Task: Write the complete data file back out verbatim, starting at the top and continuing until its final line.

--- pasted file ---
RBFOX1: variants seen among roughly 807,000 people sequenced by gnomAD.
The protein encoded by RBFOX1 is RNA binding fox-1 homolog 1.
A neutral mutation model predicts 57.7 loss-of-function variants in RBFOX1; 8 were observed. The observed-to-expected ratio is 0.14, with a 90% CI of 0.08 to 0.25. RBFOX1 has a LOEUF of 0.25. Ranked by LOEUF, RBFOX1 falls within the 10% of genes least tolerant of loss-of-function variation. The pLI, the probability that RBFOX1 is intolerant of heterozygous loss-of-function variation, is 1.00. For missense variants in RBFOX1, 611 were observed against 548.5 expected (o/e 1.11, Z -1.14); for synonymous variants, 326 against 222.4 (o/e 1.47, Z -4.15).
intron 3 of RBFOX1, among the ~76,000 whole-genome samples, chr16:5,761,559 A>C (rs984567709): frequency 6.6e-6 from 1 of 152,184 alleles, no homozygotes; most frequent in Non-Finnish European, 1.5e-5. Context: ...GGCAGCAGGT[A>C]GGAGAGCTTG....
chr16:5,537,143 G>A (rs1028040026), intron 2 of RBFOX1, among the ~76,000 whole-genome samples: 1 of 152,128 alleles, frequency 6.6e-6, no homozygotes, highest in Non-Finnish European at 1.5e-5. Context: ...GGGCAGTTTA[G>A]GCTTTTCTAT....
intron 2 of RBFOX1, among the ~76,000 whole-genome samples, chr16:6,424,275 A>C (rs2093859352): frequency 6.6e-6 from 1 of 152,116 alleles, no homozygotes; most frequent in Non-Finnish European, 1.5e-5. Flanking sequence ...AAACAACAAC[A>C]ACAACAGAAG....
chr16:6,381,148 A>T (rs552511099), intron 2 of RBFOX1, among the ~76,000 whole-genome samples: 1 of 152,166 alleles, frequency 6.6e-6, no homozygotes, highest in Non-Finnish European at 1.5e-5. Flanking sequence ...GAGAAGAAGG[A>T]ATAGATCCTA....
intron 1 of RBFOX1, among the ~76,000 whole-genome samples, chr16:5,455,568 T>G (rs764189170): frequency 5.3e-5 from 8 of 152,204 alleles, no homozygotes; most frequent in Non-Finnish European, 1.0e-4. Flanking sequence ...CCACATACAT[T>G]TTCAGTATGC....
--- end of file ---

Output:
RBFOX1: variants seen among roughly 807,000 people sequenced by gnomAD.
The protein encoded by RBFOX1 is RNA binding fox-1 homolog 1.
A neutral mutation model predicts 57.7 loss-of-function variants in RBFOX1; 8 were observed. The observed-to-expected ratio is 0.14, with a 90% CI of 0.08 to 0.25. RBFOX1 has a LOEUF of 0.25. Ranked by LOEUF, RBFOX1 falls within the 10% of genes least tolerant of loss-of-function variation. The pLI, the probability that RBFOX1 is intolerant of heterozygous loss-of-function variation, is 1.00. For missense variants in RBFOX1, 611 were observed against 548.5 expected (o/e 1.11, Z -1.14); for synonymous variants, 326 against 222.4 (o/e 1.47, Z -4.15).
intron 3 of RBFOX1, among the ~76,000 whole-genome samples, chr16:5,761,559 A>C (rs984567709): frequency 6.6e-6 from 1 of 152,184 alleles, no homozygotes; most frequent in Non-Finnish European, 1.5e-5. Context: ...GGCAGCAGGT[A>C]GGAGAGCTTG....
chr16:5,537,143 G>A (rs1028040026), intron 2 of RBFOX1, among the ~76,000 whole-genome samples: 1 of 152,128 alleles, frequency 6.6e-6, no homozygotes, highest in Non-Finnish European at 1.5e-5. Context: ...GGGCAGTTTA[G>A]GCTTTTCTAT....
intron 2 of RBFOX1, among the ~76,000 whole-genome samples, chr16:6,424,275 A>C (rs2093859352): frequency 6.6e-6 from 1 of 152,116 alleles, no homozygotes; most frequent in Non-Finnish European, 1.5e-5. Flanking sequence ...AAACAACAAC[A>C]ACAACAGAAG....
chr16:6,381,148 A>T (rs552511099), intron 2 of RBFOX1, among the ~76,000 whole-genome samples: 1 of 152,166 alleles, frequency 6.6e-6, no homozygotes, highest in Non-Finnish European at 1.5e-5. Flanking sequence ...GAGAAGAAGG[A>T]ATAGATCCTA....
intron 1 of RBFOX1, among the ~76,000 whole-genome samples, chr16:5,455,568 T>G (rs764189170): frequency 5.3e-5 from 8 of 152,204 alleles, no homozygotes; most frequent in Non-Finnish European, 1.0e-4. Flanking sequence ...CCACATACAT[T>G]TTCAGTATGC....